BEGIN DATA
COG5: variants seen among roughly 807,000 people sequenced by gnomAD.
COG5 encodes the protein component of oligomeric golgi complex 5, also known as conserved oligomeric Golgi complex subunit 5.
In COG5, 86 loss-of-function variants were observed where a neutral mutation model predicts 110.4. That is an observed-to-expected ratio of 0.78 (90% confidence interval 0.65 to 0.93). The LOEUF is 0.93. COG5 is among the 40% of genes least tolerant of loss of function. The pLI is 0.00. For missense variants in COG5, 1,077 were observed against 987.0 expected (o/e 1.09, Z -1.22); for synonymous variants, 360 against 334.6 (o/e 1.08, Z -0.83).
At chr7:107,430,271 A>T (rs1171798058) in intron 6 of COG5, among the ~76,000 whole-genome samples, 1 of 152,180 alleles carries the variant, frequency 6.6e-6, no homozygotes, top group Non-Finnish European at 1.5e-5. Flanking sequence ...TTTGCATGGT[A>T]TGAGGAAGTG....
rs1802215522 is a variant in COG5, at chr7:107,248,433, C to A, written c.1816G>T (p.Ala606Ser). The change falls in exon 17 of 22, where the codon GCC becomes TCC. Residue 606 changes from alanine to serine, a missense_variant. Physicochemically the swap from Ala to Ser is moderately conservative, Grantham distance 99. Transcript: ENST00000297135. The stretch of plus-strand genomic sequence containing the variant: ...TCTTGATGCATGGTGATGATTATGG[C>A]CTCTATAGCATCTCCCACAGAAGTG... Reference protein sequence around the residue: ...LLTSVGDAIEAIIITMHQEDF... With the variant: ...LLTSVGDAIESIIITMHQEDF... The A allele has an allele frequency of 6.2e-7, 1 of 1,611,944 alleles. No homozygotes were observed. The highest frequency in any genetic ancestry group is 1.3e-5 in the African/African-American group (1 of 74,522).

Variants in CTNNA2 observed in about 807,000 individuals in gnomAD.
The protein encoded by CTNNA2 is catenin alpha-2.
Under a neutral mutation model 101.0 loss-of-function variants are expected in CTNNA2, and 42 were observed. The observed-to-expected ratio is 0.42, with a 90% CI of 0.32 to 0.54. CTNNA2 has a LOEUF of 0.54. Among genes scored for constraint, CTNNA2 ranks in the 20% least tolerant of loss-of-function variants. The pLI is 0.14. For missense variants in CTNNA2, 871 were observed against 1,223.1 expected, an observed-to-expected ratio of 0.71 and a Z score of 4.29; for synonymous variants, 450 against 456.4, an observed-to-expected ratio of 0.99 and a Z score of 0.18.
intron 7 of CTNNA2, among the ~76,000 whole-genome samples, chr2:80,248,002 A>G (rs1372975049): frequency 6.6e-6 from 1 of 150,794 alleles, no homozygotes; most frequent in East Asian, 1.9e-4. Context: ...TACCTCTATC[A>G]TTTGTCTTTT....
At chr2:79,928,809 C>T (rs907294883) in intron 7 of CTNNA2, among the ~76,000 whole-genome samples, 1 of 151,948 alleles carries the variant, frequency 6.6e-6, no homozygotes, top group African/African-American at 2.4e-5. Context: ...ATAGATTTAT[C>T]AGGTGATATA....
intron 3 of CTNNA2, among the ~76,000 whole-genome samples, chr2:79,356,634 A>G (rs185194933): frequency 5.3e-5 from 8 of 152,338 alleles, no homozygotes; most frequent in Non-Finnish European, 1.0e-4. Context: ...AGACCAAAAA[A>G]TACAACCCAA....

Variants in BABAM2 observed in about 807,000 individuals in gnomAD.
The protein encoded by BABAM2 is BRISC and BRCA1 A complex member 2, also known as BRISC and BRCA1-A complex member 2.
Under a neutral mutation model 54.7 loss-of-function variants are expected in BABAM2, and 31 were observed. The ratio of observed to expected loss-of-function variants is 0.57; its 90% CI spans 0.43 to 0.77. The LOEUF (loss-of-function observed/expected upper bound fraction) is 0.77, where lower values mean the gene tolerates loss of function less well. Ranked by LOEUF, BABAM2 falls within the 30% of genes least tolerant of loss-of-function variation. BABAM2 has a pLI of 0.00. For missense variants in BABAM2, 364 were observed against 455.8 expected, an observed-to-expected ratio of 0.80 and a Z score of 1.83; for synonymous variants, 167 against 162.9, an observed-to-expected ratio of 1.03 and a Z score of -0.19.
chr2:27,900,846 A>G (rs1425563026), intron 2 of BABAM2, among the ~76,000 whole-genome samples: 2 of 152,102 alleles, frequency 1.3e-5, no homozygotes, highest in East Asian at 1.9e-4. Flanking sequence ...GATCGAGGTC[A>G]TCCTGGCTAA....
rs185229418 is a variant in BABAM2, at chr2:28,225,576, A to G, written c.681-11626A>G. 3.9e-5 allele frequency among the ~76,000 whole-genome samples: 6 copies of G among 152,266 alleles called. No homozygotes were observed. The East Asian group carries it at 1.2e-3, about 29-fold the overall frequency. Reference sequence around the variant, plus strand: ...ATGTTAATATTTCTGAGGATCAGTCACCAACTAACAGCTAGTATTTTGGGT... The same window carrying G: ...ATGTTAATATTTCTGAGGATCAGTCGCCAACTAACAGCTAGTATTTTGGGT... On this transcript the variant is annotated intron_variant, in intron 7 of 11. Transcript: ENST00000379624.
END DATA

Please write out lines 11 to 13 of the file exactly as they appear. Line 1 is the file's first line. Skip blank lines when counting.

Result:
intron 3 of CTNNA2, among the ~76,000 whole-genome samples, chr2:79,356,634 A>G (rs185194933): frequency 5.3e-5 from 8 of 152,338 alleles, no homozygotes; most frequent in Non-Finnish European, 1.0e-4. Context: ...AGACCAAAAA[A>G]TACAACCCAA....

Variants in BABAM2 observed in about 807,000 individuals in gnomAD.
The protein encoded by BABAM2 is BRISC and BRCA1 A complex member 2, also known as BRISC and BRCA1-A complex member 2.